When Barclays Bank orders a Marconi-Elliott computer system with 100 VDU terminals for its foreign exchange department this year it is at the forefront of progress.
For 1970 is the year when corporate IT departments are adding terminal after terminal to their mainframe computer systems. It is not just one user per mainframe any more!
Major advances in data inputting are underway too, with keyboards taking the place of punch cards.
Most large companies have just one computer, or perhaps one per department. However, the time-share concept has entered corporate computing and computer bureaux - spreading the cost of using one computer across several companies - are doing increasingly well.
Most data processing professionals are employed by user companies, working with bespoke software. Jobs for systems analysts are being advertised at up to £3,500 a year while jobs for programmers are advertised at between £1,200 and £2,000. The most popular programming languages are Cobol and ICL PLAN.
It is very much a man's world. Admittedly, 42% of computing staff are women but the majority are employed in repetitive, data entry jobs. It is still legal to advertise in Computer Weekly for a male computer operator to work on an ICL computer in the City, and hardware companies can get away with adverts featuring attractive young women in suggestive poses. However, there are women at the top, most notably Dr Grace Murray Hopper, director of the US Navy's programming languages division.
Back in England, one woman is beginning to make her mark. Education and science minister Margaret Thatcher announces plans to cut 37 jobs from a unit that provides computer services to the Government's Office for Scientific and Technical Information, saving £431,000 a year. Some things never change.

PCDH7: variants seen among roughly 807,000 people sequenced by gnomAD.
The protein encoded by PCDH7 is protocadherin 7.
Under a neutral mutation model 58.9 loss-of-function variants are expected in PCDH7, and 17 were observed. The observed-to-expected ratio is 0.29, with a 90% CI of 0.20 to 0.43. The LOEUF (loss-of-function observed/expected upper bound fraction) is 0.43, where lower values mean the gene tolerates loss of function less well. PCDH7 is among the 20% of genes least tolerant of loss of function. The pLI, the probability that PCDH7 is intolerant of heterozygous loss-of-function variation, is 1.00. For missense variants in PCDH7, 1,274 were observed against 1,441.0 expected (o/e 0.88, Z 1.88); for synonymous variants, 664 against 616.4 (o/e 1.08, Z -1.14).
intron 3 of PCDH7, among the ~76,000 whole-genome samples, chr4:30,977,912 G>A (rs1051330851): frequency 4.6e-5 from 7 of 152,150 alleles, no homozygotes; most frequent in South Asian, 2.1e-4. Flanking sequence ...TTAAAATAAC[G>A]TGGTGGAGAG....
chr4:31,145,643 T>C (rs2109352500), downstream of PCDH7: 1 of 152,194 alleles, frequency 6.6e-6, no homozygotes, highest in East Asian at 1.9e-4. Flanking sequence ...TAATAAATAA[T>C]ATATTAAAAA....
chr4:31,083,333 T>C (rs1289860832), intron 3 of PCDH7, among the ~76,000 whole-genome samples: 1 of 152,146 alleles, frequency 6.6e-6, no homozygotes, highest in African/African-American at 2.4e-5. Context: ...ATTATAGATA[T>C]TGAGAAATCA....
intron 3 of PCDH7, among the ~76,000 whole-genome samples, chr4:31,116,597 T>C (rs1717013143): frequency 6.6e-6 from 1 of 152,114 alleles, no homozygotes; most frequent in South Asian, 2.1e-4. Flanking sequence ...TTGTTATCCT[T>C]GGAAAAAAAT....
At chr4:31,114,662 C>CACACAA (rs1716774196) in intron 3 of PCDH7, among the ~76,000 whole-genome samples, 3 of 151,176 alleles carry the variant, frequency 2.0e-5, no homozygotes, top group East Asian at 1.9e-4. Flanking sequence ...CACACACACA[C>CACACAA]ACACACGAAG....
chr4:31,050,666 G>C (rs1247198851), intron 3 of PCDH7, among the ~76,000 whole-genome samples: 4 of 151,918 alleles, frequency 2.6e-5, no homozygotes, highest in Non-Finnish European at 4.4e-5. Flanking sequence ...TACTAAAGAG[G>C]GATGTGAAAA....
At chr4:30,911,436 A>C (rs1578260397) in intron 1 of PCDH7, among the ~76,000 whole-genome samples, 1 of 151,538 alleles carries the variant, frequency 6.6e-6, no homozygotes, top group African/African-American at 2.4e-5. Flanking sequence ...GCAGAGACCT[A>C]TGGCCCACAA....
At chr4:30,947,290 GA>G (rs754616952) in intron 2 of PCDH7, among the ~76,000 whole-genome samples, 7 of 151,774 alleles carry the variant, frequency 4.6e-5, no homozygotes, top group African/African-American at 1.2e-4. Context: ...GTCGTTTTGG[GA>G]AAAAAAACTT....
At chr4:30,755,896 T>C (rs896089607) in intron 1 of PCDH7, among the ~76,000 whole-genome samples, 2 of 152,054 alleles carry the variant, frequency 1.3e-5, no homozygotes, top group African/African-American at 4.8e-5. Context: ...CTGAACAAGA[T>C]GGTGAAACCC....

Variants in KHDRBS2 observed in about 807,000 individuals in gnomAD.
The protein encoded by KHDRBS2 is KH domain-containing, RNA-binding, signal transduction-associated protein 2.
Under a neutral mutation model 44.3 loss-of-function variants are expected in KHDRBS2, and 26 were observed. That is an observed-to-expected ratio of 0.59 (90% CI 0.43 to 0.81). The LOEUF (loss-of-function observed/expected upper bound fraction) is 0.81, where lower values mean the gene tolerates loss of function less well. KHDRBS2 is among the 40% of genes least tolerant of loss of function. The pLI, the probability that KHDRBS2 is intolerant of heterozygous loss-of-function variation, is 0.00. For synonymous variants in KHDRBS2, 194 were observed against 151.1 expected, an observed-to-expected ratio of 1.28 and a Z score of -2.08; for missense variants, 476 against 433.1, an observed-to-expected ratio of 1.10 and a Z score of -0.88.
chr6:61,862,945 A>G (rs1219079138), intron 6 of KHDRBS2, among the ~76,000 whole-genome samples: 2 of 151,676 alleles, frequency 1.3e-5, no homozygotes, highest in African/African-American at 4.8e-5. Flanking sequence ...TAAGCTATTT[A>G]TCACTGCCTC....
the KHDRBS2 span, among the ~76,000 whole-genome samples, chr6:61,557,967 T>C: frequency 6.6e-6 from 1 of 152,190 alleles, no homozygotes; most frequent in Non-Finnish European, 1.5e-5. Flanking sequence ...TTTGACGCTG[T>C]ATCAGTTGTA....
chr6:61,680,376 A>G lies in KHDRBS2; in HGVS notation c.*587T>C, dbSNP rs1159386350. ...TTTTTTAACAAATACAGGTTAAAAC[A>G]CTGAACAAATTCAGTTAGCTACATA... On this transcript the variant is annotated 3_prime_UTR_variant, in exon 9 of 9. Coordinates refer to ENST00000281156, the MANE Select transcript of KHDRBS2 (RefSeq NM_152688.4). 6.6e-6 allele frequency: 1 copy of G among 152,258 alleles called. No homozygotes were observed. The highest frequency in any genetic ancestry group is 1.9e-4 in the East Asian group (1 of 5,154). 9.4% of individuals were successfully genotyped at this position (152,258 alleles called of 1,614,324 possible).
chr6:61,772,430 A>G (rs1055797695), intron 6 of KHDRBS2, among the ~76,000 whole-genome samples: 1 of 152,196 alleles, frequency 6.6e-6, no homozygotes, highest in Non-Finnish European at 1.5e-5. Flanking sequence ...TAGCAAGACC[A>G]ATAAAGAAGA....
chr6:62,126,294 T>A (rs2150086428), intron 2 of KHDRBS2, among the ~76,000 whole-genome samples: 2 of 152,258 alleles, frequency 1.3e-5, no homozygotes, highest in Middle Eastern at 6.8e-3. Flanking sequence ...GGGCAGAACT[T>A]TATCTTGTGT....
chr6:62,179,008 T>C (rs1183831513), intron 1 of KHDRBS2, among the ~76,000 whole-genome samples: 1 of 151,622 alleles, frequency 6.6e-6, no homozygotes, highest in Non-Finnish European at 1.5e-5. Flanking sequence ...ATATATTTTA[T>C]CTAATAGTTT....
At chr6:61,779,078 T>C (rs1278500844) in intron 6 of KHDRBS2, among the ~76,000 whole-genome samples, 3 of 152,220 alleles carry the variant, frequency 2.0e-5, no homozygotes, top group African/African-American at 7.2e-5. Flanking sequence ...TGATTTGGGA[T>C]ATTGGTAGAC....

The invention of the microprocessor makes computers so cheap that user departments are buying their own personal computers out of petty cash budgets without telling the company's data processing manager.
One DP manager at a major multinational tells Computer Weekly columnist Nicholas Enticknap that users at his company have bought 120 different models of PC at a time when there are only 250 models in existence. The manager fears DP departments will have to pick up the pieces when things go wrong.
A market research company forecasts that the growth in demand for PCs will be so strong that even the big corporate computer firms like IBM will have to enter the market. In California IBM is developing its first personal computer and it licenses the Dos operating system from a small start-up company called Microsoft.
A National Economic Development Unit report in the UKestimates that 235,000 people work with computers. Some 99,000 of these are professional programmers, systems analysts and engineers and the rest are data entry staff. Other research finds that 24% of computing students are female.
In this year, Tesco's Cheshunt computer centre advertises for systems analysts at between £7,000 and £10,500 and programmers at between £6,000 and £10,000. Abbey National is offering up to £9,000 for systems analysts and systems programmers and up to £9,000 for application programmers.
Computer games are now sexy, as Space Invaders - the first game that gives players a score to beat - storms across the land. Before now games had been confined to university computer labs or arcades.
Meanwhile, the US Department of Justice is in the fifth year of an anti-trust action against the country's biggest computing company IBM.